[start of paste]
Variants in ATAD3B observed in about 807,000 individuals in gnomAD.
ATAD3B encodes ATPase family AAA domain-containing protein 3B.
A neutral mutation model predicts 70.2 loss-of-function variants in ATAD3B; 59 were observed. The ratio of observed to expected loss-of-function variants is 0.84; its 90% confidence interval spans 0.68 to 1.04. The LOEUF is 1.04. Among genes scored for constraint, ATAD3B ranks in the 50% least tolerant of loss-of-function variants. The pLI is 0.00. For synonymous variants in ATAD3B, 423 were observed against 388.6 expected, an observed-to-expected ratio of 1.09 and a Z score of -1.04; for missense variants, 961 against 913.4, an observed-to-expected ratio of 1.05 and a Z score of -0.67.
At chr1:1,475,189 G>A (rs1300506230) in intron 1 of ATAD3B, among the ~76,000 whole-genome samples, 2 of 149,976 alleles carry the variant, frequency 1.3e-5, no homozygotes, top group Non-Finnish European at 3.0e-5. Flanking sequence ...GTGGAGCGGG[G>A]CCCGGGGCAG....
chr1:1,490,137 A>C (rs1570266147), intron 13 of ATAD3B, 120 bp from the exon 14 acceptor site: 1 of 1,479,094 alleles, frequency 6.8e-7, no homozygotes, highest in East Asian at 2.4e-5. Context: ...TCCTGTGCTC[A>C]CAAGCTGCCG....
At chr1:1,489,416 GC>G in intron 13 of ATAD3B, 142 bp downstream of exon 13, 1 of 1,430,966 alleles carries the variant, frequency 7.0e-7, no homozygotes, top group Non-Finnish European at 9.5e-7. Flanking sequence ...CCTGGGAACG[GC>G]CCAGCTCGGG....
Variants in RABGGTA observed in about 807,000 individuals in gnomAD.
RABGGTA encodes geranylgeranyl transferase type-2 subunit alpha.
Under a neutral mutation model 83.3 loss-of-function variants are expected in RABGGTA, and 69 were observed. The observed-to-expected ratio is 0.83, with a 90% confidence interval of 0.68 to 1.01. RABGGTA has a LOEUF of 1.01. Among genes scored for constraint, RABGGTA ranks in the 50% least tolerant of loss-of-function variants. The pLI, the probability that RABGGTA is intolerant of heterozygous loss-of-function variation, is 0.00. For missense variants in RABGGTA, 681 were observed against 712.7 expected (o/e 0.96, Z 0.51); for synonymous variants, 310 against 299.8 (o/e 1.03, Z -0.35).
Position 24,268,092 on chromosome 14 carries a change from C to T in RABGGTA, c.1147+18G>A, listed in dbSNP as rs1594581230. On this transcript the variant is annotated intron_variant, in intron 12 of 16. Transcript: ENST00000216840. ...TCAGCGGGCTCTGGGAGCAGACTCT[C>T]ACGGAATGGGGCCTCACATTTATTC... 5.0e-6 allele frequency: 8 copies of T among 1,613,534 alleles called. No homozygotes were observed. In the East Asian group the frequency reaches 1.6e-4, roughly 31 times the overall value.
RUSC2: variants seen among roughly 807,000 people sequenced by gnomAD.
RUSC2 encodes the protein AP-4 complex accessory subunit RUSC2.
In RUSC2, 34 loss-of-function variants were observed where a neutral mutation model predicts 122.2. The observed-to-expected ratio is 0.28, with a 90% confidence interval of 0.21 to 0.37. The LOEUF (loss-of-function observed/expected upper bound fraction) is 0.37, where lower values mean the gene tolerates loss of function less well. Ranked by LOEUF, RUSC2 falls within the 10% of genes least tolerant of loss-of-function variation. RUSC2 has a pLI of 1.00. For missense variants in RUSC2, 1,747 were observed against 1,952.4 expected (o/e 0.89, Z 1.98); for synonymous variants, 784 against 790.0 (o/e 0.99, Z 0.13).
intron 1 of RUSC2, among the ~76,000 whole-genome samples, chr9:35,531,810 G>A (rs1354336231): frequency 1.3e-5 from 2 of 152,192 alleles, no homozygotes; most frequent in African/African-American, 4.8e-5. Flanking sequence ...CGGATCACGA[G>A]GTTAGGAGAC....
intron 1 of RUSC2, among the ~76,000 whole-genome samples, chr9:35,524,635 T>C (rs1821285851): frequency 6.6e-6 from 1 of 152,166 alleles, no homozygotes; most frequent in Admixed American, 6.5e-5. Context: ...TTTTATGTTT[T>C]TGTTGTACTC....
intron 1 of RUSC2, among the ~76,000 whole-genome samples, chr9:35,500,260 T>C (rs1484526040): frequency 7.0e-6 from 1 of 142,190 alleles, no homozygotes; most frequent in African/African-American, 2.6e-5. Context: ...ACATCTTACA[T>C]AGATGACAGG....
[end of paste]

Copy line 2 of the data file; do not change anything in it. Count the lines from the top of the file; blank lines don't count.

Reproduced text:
ATAD3B encodes ATPase family AAA domain-containing protein 3B.